What needs to die?

22 March 2015
Fifth Sunday in Lent
Lent 5B (RCL)
Jeremiah 31:31-34
Psalm 51:1-13
Hebrews 5:5-10
John 12:20-33

John is too good a story teller to be careless. But this week’s reading presents us with a puzzle: do the Greeks ever see Jesus? In the story of the woman at the well, Jesus asks for a drink of water, and by the end of the story, she abandons her water jar at the well. John is telling us that she has indeed met Jesus and drunk of his living water. Here, the Greeks appear in the story, and simply disappear from the narrative. However, all the way along the story so far, John has been teasing us with the idea of Jesus’ “hour,” which until now has not yet come. The appearance of certain Greeks signifies the arrival of Jesus’ hour. Their disappearance leaves us pondering the nature of Jesus’ hour. It is the hour of his glorification, and a too-simple reading would connect it only with Jesus’ death on the cross.

In response to Andrew and Philip’s announcement that certain Greeks are here to see him, Jesus responds with a cryptic saying about the necessity of a grain of wheat to fall into the ground and die, or it will remain forever alone. If it dies, it will produce much fruit. Fruitfulness is a major theme of John’s Gospel, and this particular saying reminds us immediately of Jesus saying to his disciples that the fields are ripe for the harvest standing at Jacob’s well after the woman has left. In that instance, the harvest referred to the Samaritan’s ready to enter the Johannine community. Here, the fruit must surely be the Greeks. But they disappear.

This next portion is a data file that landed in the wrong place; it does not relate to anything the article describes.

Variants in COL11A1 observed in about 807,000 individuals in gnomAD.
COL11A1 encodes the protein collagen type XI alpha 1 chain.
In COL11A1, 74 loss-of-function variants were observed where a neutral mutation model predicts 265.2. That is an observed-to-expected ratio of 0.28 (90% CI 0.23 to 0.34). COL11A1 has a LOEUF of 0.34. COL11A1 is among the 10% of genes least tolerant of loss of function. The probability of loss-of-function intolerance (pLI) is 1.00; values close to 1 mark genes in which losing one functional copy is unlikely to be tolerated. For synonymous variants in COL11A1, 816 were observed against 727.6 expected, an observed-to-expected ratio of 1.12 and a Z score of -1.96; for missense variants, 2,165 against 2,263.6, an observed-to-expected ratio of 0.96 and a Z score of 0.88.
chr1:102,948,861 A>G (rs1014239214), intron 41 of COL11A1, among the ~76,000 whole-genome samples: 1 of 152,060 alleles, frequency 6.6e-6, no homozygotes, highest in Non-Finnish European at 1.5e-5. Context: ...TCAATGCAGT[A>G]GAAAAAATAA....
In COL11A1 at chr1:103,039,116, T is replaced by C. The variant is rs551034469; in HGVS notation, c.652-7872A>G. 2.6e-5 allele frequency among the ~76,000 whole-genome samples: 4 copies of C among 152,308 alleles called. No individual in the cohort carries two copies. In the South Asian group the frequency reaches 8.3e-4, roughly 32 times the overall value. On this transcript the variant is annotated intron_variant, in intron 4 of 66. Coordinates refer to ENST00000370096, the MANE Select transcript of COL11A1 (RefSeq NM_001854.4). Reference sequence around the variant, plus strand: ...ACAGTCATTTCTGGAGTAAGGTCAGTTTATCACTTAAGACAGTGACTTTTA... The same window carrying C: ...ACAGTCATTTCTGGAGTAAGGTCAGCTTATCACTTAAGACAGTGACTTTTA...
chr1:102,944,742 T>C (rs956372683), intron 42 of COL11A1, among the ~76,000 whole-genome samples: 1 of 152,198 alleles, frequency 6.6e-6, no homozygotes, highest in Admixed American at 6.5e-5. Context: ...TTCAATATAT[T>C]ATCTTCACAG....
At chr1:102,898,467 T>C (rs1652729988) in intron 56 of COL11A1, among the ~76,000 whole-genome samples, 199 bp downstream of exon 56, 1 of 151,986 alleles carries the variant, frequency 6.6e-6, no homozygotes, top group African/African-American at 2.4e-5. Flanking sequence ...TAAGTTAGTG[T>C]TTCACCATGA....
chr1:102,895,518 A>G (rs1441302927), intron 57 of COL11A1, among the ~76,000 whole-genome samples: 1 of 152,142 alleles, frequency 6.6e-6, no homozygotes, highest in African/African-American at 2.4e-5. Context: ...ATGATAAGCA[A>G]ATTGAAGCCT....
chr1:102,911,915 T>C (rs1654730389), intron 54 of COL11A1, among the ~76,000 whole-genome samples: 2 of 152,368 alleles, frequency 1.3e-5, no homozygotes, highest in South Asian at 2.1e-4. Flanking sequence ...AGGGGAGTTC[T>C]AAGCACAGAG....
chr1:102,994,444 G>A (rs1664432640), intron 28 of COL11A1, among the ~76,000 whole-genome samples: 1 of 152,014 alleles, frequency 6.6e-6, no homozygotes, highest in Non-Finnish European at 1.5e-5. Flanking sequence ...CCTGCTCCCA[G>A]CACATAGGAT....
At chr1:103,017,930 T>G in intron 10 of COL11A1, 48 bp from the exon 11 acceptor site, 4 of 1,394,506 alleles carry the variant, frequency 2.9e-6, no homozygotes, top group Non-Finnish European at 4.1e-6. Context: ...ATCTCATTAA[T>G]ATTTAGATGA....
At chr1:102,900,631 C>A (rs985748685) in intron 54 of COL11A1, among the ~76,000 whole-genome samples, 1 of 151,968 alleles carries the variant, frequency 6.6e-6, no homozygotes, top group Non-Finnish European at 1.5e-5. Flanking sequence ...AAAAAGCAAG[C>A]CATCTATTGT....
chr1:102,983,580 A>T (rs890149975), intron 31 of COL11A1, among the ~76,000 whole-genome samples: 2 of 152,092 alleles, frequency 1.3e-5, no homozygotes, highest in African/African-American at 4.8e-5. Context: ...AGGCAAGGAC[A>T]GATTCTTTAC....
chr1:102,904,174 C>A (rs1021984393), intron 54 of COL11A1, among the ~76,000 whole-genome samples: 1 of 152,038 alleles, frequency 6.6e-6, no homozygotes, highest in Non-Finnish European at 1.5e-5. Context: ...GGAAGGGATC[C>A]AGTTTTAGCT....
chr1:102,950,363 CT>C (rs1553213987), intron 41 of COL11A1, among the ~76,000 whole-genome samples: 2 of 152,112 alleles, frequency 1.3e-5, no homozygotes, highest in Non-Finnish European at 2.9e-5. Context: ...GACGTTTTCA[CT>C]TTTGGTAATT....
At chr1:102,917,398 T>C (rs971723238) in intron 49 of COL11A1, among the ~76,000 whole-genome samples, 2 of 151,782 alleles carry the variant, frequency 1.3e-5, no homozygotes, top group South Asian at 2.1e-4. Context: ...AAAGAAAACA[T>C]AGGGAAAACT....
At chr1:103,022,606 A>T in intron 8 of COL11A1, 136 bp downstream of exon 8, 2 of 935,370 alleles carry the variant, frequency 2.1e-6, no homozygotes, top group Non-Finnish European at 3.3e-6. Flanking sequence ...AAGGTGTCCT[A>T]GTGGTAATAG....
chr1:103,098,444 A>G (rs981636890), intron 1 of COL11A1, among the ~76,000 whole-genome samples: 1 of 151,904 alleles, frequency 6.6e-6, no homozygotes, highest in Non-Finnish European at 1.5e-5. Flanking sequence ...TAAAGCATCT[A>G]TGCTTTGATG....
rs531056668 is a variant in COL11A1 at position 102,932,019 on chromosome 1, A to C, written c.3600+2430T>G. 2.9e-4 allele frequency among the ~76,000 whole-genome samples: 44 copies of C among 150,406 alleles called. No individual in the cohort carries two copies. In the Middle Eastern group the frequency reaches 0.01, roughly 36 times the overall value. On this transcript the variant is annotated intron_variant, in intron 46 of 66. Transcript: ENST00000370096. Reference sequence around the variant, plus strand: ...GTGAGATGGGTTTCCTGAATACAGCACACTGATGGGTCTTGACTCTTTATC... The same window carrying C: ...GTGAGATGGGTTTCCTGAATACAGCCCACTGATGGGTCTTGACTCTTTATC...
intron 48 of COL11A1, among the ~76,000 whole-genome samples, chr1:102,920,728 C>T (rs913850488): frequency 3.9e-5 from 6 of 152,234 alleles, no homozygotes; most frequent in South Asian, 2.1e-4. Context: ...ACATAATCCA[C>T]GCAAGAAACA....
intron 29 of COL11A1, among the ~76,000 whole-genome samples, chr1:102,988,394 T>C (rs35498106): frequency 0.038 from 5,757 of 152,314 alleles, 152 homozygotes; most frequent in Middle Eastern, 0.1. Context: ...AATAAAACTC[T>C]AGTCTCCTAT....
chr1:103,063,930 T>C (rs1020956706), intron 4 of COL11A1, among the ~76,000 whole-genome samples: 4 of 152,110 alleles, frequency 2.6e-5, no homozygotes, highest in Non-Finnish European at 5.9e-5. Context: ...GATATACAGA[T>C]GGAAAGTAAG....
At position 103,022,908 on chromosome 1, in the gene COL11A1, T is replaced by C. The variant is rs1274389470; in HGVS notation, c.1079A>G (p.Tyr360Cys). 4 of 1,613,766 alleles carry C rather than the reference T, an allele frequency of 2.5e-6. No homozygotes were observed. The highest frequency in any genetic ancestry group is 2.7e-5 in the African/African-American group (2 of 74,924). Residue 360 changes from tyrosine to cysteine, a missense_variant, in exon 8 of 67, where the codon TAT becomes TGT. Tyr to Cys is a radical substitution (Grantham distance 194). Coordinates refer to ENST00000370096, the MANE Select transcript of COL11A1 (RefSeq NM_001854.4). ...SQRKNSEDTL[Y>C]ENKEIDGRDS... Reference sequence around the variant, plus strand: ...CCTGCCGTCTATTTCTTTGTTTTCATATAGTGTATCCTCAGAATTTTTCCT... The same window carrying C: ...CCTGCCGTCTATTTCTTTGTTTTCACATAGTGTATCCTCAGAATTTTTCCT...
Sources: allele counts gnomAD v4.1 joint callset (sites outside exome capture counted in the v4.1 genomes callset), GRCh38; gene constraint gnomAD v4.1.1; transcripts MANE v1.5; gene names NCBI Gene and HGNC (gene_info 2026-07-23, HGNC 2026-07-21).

That always puzzled me, until I realized that we are reading the Gospel in Greek. The Johannine community at some point faced the crisis (judgment) of whether or not to admit Greeks. This happened after Jesus’ death and resurrection, and we know the outcome, even though the narrative itself is silent. We are those Greeks. What needed to fall into the ground and die was the community’s self-identity as Jewish.

The reading from Hebrews also speaks of Jesus’ death as the path forward into a new understanding of God. During his life time, Jesus prayed to God with cries and tears to be saved from his death, but he learned obedience by going through with it, and has now become our high priest.

Too often, we think we can solve the problems of the world on our terms. We can fix the institutional racism that affects our region so profoundly. We (white people) need only enact some legislation, tell everyone how to do things, and it will be better. John and the author of Hebrews tells us that not even Jesus can fix things on his own terms. Our long-cherished ideas about our own capabilities need to fall into the ground and die, so that some new fruitfulness becomes apparent.

Jeremiah speaks of a new covenant, written on hearts. No longer will anyone need to school our neighbor about knowing God, because we will all know God. That will require each of us to give up our long-cherished certainty about our rightness, and hear what others know, and honor it. Only in that way can we know God.

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